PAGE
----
Friday, February 28, 2020

LOU Survey Essay Example | Topics and Well Written Essays - 500 words

LOU Survey - Essay Example n; Level III – state of mechanical use; Level IV A – state of routine; Level IV B – state of refinement; Level V – state of integration; Level VI – state of renewal. The behavior of the majority of the users or specific groups of users will dictate the decision of the organization on the terms of intervention, planning and preparation for the technology or technologies that they will have to adopt. Orr and Mrazek (2008) have used the LoU along with Stages of Concern (CoN) to assess the â€Å"professional growth of among the professionals pursuing graduate course work in educational technology† (p. 2) at the University of Lethbridge in Alberta, Canada. What they did was to formulate statements that describe the level of their use or the extent of their confidence with respect to their manner of using technologies instead of just labeling the choices with numbers similar to a Likert scale. This was deemed much better since the respondents will not be biased in their answers. Examples of the statements used in their study are as follows: I really don’t know anything about this technology, or am not sure that it would be useful for my classes – to reflect level 0; I am collaborating with colleagues to develop ways in which we can use this technology to better meet our common objectives for our classes – to reflect level V; and finally I still use this technology, but I am exploring other technologies to replace it that will better meet the objectives for my classes – to reflect level VI. The interpretation of the data gathered from this survey is a simple computation of the mean, median and standard deviation of the responses of the respondents. The data gathered will of course reflect the common technologies being used by the respondents and what they do not know how to use or what they don’t use. This will somehow provide insight on what technologies they need to be trained on and the possible technologies that would be practically fit for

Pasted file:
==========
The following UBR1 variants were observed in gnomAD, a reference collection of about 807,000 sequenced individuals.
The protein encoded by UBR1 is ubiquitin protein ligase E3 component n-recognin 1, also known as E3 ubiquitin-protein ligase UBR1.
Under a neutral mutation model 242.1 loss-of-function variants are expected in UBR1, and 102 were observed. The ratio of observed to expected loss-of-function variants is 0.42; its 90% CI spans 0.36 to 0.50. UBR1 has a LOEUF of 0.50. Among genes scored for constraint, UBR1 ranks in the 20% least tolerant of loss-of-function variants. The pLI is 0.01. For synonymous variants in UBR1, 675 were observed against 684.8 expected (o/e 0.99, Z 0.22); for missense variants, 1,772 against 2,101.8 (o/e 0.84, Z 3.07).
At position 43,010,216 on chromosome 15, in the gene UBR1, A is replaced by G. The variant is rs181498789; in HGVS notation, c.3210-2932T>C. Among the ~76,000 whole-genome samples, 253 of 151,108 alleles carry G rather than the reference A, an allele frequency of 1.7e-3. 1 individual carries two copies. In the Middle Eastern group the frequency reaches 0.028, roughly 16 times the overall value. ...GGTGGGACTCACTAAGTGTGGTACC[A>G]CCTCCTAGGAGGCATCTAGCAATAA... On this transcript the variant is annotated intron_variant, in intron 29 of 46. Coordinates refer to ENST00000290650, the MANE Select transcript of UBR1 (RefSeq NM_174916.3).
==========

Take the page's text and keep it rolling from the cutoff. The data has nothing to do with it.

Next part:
Tuesday, February 11, 2020

International Financial institution and markets Essay